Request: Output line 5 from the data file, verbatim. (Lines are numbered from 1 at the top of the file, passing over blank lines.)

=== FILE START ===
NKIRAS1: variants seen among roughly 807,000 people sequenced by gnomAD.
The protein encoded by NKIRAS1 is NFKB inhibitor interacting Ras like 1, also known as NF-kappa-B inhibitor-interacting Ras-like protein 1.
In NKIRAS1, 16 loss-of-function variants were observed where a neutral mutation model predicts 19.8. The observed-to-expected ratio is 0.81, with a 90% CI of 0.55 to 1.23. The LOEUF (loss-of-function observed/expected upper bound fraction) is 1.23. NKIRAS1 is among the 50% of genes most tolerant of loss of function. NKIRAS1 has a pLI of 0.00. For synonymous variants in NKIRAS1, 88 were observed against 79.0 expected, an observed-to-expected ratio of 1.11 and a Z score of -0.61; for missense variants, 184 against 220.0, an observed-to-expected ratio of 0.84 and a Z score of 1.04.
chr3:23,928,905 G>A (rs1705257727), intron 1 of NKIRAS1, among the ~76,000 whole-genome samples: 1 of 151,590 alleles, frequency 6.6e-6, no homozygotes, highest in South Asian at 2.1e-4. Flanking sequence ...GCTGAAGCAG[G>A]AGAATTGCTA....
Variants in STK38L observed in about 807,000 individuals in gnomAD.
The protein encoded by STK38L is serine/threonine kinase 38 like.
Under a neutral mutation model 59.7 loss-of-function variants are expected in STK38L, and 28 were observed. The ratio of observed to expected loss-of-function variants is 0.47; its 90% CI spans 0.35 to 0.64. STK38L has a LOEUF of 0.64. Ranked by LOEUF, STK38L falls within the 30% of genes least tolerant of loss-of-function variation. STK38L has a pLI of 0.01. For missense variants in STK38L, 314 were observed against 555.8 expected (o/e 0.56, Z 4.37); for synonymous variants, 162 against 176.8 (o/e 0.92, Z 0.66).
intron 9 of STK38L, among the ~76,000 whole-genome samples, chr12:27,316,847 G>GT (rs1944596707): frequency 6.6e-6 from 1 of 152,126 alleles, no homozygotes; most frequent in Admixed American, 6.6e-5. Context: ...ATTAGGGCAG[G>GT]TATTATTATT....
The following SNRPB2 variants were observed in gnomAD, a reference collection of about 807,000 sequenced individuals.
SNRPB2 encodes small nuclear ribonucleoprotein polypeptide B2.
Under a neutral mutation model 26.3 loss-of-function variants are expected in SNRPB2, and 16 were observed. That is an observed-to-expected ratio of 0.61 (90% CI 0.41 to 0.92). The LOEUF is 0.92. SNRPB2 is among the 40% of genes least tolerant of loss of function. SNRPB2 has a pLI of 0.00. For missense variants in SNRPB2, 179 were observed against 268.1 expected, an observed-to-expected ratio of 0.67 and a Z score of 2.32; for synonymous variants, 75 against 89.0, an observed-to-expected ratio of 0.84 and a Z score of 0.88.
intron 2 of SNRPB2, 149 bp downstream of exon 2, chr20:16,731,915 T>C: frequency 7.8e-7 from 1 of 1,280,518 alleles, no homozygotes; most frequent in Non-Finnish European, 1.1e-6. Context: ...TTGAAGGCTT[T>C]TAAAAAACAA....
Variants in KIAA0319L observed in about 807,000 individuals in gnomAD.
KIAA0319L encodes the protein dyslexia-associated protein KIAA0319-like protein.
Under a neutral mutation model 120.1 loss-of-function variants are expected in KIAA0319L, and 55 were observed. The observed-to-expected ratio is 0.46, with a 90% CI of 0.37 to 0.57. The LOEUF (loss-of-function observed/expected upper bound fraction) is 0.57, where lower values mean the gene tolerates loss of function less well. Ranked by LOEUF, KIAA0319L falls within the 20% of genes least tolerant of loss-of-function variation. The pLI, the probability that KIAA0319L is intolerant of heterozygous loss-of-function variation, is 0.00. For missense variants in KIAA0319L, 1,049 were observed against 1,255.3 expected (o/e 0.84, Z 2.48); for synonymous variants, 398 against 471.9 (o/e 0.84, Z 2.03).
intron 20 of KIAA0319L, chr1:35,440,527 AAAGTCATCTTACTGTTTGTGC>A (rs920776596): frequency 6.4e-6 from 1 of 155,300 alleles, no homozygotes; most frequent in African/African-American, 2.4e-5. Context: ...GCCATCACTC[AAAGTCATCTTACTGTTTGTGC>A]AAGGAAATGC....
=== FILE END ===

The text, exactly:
Variants in STK38L observed in about 807,000 individuals in gnomAD.